Where Are the War Heroes?
One soldier fought off scores of elite Iraqi troops in a fierce defense of his outnumbered Army unit, saving dozens of American lives before he himself was killed. Another soldier helped lead a team that killed 27 insurgents who had ambushed her convoy. And then there was the marine who, after being shot, managed to tuck an enemy grenade under his stomach to save the men in his unit, dying in the process. Their names are Sgt. First Class Paul R. Smith, Sgt. Leigh Ann Hester and Sgt. Rafael Peralta. If you have never heard of them, even in a week when more than 20 marines were killed in Iraq by insurgents, that might be because the military, the White House and the culture at large have not publicized their actions with the zeal that was lavished on the heroes of World War I and World War II.
Many in the military are disheartened by the absence of an instantly recognizable war hero today, a deficiency with a complex cause: public opinion on the Iraq war is split, and drawing attention to it risks fueling opposition; the military is more reluctant than it was in the last century to promote the individual over the group; and the war itself is different, with fewer big battles and more and messier engagements involving smaller units of Americans. Then, too, there is a celebrity culture that seems skewed more to the victim than to the hero.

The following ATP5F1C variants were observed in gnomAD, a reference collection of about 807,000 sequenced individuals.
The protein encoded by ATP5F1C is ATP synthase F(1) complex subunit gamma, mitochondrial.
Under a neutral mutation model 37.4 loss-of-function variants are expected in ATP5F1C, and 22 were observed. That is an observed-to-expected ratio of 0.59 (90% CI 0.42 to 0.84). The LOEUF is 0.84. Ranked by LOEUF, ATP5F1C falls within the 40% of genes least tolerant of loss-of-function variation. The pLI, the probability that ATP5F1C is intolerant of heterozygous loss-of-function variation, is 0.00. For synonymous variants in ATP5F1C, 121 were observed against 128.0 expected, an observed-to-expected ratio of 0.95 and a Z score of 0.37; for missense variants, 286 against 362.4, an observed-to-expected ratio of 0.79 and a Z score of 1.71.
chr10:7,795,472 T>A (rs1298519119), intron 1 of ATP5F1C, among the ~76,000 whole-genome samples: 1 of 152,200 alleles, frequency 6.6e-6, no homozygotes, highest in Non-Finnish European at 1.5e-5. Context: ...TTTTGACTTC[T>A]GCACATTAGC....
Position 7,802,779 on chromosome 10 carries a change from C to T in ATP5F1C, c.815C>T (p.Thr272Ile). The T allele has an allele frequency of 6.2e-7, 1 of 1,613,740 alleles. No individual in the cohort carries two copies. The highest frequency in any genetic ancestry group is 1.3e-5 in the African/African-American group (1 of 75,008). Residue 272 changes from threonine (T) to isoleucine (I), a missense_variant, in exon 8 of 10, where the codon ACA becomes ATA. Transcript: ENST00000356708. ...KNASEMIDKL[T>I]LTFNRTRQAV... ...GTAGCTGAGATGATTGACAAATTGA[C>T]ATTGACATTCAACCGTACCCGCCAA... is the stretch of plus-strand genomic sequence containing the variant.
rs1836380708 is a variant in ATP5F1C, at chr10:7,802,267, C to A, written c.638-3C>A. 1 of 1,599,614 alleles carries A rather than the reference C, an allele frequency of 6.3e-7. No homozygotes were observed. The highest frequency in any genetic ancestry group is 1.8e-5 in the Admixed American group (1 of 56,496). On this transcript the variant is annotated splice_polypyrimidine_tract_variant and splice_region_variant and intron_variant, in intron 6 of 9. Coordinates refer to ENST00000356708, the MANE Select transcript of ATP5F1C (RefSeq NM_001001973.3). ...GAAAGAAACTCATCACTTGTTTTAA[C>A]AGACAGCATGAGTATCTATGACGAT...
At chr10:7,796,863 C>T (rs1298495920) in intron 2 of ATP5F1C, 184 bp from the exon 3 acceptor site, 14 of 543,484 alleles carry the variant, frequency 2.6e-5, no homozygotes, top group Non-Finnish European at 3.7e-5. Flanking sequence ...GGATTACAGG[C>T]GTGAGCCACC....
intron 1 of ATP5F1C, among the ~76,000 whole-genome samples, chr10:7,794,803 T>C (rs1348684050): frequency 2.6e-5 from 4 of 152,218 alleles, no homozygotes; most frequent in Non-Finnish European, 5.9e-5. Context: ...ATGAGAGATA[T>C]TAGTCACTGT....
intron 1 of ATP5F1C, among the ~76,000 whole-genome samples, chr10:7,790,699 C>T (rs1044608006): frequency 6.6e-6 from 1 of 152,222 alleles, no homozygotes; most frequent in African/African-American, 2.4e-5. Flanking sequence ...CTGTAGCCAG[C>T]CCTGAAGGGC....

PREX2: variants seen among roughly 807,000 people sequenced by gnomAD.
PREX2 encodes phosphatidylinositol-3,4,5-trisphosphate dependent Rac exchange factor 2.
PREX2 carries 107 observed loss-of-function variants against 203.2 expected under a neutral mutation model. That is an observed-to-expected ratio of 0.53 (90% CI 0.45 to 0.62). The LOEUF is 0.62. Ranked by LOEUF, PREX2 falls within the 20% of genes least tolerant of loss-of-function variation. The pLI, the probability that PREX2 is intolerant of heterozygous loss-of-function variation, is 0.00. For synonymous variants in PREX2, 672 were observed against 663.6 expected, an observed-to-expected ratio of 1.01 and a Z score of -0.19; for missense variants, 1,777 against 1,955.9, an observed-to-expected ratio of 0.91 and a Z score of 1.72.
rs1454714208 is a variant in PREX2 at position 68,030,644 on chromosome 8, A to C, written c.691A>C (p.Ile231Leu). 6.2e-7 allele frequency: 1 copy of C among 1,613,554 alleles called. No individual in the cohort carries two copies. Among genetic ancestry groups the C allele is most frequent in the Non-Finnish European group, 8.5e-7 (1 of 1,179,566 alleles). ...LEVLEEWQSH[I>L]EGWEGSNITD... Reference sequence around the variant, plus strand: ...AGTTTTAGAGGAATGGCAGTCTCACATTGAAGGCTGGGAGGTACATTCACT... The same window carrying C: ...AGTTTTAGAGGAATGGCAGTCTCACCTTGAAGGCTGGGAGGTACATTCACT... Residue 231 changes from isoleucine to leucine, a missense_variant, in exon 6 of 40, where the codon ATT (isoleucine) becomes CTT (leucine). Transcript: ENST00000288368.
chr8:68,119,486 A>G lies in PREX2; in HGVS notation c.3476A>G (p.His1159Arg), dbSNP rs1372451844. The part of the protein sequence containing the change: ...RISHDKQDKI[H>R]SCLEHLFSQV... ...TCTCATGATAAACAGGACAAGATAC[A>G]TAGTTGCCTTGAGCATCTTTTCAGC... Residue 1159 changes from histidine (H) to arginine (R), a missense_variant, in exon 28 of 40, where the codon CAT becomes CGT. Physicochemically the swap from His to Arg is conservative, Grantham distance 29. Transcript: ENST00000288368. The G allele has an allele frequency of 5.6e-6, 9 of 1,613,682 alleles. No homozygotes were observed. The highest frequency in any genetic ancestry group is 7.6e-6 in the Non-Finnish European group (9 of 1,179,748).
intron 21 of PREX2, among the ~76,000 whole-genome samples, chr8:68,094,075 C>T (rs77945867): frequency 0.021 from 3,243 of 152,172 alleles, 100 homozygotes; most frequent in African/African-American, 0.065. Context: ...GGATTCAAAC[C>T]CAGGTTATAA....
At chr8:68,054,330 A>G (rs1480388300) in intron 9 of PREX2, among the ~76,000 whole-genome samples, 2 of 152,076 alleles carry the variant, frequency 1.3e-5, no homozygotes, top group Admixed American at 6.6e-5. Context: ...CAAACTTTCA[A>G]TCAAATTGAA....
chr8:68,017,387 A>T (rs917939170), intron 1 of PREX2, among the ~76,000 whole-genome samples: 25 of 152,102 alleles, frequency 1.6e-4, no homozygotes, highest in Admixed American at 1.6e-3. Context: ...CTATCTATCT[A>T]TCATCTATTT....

Collectively, say military historians, war correspondents and retired senior officers, the country seems to have concluded that war heroes pack a political punch that requires caution. They have become not just symbols of bravery but also reminders of the war’s thorniest questions. “No one wants to call the attention of the public to bloodletting and heroism and the horrifying character of combat,” said Richard Kohn, a military historian at the University of North Carolina. “What situation can be imagined that would promote the war and not remind people of its ambivalence?”
Heroism in the past was easier to highlight. In World War I, men like Sgt. Alvin York, a sharpshooter from Tennessee who captured 132 German soldiers with only a few rifles and a handful of men, were lauded by the military and devoured by the public. A ticker-tape parade in Manhattan greeted the sergeant’s return.
During World War II, the military became even more sophisticated. Responding to the propaganda campaigns of Mussolini and Hitler, every branch of the military created a public relations office, said Paul Kennedy, a military historian at Yale. Heroes were even brought home specifically to rally support for the war. Richard I. Bong, for example, an Army Air Corps pilot who came to be known as the Ace of Aces, was sent home in December 1944 after shooting down his 40th Japanese plane. He was dispatched immediately on a nationwide tour to help sell war bonds.
Audie Murphy, perhaps the best-known World War II hero, took part in similar tours. He went on to act in 44 Hollywood films, including his own autobiography, “To Hell and Back.” Dozens of other combat heroes played roles in the war’s promotion. “Everyone was involved,” said Walter Russell Mead, a senior fellow at the Council on Foreign Relations. “The deliberate mobilization of the home front was considered a major priority by government in a way that it’s just not now.”